Palestinians clash with Israeli forces in West Bank, Jerusalem
JERUSALEM (Reuters) - Clashes broke out between Israeli security forces and Palestinian protesters in the occupied West Bank and at a holy site in Jerusalem on Friday as tensions rose just weeks before a visit by U.S. President Barack Obama.
Trouble broke out after the funeral in the West Bank of Palestinian who died of wounds on Thursday after being shot by Israeli soldiers during a confrontation two weeks ago.
More than 5,000 people attended the ceremony but afterwards a group of about 100 mourners threw stones at Israeli soldiers, who responded with tear gas and rubber bullets, a military spokeswoman said. 䀀 In Jerusalem's Old City, Israeli police fired stun grenades at Palestinian worshippers who threw rocks and firebombs at them after Friday prayers at the al-Aqsa Mosque compound.
Dozens of officers in riot gear entered the politically sensitive area, one of Islam's holiest sites, to break up a crowd of several hundred protesters.
Palestinian medical workers said about 35 protesters were injured at the plaza, none seriously. A number of policemen were slightly hurt, a police spokesman said.
As well as the al-Aqsa Mosque, the plaza houses the golden Dome of the Rock shrine, which marks the spot from which Muslims believe the Prophet Mohammad made his night journey to heaven.
Jews revere the sacred compound as the site of their Biblical Temple, destroyed by Roman troops in the 1st Century.
Tension is rising before a visit by Obama to Jerusalem and Ramallah towards the end of the month and the possible resumption of peace talks that broke down in 2010.
A surge in violence in the occupied West Bank over the past several weeks has raised concern in Israel that a new Palestinian uprising could erupt.
The recent violence has focused around the plight of Palestinians held in Israeli jails but it largely subsided last week after Israel agreed to release two hunger-striking inmates in May and they ended their protest.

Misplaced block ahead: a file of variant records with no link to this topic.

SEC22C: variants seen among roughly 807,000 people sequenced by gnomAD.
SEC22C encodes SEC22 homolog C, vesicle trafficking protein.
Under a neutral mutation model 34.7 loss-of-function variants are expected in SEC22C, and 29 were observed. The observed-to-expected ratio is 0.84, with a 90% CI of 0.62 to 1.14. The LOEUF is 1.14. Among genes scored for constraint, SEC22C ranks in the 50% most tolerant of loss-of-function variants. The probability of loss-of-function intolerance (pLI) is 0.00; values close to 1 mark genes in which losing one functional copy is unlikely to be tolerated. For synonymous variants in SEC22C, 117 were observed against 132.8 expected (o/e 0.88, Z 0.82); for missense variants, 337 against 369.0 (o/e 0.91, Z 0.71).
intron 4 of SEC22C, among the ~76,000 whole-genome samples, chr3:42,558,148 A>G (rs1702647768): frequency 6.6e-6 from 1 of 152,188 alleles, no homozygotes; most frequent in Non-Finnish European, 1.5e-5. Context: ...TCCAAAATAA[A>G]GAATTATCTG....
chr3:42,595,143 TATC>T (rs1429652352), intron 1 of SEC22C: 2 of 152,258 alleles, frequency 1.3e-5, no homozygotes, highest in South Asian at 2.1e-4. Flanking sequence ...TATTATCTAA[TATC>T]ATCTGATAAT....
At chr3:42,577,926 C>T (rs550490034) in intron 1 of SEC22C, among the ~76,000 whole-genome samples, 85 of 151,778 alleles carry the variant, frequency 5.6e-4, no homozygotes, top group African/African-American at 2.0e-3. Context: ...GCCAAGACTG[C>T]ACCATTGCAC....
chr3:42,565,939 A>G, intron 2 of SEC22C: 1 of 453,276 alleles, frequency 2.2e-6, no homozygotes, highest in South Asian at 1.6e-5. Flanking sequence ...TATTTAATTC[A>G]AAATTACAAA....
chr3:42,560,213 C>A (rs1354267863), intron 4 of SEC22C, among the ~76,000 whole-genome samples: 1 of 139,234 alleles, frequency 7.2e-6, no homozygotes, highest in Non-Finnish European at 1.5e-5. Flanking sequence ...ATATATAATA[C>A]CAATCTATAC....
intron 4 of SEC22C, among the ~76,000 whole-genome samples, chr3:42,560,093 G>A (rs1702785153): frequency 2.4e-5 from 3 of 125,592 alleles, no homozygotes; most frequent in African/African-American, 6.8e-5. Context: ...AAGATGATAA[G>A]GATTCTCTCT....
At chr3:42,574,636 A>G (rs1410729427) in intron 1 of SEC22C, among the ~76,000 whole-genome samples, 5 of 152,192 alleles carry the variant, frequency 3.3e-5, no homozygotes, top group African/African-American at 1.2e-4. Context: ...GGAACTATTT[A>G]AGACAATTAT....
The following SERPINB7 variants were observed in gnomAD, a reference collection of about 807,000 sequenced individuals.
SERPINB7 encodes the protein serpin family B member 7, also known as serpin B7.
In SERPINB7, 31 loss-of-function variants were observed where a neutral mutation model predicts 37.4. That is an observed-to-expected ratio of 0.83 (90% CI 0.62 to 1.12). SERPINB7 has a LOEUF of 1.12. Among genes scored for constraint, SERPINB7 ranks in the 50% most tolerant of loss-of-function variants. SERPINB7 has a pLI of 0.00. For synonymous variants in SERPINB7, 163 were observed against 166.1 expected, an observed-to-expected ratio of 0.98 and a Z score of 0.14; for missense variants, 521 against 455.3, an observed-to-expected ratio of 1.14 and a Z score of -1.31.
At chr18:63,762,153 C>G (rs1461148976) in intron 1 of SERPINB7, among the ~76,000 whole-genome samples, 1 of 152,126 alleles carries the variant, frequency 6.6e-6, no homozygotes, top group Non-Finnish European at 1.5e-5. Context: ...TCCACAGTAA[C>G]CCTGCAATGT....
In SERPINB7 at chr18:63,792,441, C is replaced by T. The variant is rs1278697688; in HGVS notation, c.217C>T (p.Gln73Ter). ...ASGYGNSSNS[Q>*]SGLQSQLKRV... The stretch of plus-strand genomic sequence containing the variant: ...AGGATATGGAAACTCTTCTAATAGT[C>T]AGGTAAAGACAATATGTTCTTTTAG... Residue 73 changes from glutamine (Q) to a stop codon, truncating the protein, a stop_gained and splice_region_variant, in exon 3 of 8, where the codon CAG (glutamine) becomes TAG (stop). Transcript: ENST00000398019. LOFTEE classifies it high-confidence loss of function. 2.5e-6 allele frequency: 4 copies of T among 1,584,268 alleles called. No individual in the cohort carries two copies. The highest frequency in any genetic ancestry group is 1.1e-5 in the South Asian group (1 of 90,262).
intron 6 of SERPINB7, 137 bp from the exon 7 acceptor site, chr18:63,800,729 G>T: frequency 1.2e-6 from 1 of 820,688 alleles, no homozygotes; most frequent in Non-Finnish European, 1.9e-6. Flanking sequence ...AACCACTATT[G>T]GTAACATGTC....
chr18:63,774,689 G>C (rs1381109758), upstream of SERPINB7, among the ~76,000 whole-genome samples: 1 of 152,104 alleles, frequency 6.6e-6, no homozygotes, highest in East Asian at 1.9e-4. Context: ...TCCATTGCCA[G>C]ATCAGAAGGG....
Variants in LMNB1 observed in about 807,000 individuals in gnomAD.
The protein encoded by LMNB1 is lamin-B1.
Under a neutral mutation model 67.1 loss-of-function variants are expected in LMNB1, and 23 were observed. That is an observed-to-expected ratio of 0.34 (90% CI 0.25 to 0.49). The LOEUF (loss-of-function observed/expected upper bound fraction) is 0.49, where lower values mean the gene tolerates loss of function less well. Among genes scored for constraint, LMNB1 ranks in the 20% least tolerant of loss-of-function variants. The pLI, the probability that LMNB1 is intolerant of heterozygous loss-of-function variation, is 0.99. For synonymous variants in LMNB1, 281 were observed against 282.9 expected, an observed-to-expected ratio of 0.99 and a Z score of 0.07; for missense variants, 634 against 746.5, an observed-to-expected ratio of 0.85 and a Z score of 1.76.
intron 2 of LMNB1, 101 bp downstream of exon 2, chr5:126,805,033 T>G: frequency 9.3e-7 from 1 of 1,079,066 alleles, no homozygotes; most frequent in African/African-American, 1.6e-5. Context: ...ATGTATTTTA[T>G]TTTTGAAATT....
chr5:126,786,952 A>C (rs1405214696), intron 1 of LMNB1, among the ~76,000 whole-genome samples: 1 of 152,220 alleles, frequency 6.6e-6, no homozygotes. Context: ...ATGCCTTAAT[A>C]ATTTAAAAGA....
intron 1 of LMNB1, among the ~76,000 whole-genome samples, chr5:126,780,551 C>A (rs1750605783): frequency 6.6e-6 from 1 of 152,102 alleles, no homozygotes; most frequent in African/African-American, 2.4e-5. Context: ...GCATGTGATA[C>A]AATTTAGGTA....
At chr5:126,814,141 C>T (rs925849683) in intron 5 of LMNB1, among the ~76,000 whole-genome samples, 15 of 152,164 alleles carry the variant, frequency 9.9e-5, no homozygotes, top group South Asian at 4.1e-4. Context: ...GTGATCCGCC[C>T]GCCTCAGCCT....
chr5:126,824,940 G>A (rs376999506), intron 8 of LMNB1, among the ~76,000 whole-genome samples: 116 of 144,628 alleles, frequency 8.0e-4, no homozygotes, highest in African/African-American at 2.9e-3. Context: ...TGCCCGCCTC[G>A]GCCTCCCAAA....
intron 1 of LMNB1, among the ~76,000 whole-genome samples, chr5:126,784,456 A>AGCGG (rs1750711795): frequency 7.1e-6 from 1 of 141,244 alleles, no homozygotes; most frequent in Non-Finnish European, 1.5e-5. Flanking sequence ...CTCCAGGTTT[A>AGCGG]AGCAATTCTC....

A Palestinian official said two people have died as a result of the clashes in the past few weeks.
At the West Bank funeral, Palestinian Minister of Prisoners Issa Qaraqea told mourners that Israel's actions would lead to more protests.
"Instead of releasing prisoners Israel is committing more crimes, the blood of martyr Mohammed will escalate resistance," Qaraqea said.
Palestinians seek a state in the West Bank and the Hamas-run Gaza Strip with Arab East Jerusalem as its capital - territories Israel captured in the 1967 Arab-Israeli War and which it still controls.
Peace talks broke down over Palestinian objections to Israel expanding settlements in the occupied land territories. Most of the world considers the settlements illegal.
Israel has called for a resumption of the talks without preconditions.
Predicting that Obama's visit would fail to secure any desired results for the Palestinians, Gaza's Hamas leader Ismail Haniyeh called on his West Bank rival, Palestinian President Mahmoud Abbas, who leads the more secular Fatah movement, to choose Palestinian reconciliation over peace talks with Israel.
"As Palestinians, Arabs and Muslims we must not hold hopes on such visit and we must not sell our people illusions," he told worshippers at Friday prayers in Gaza.
"I urge (Abbas) not to fall in the trap of illusion and not to close the door to Palestinian reconciliation," he said.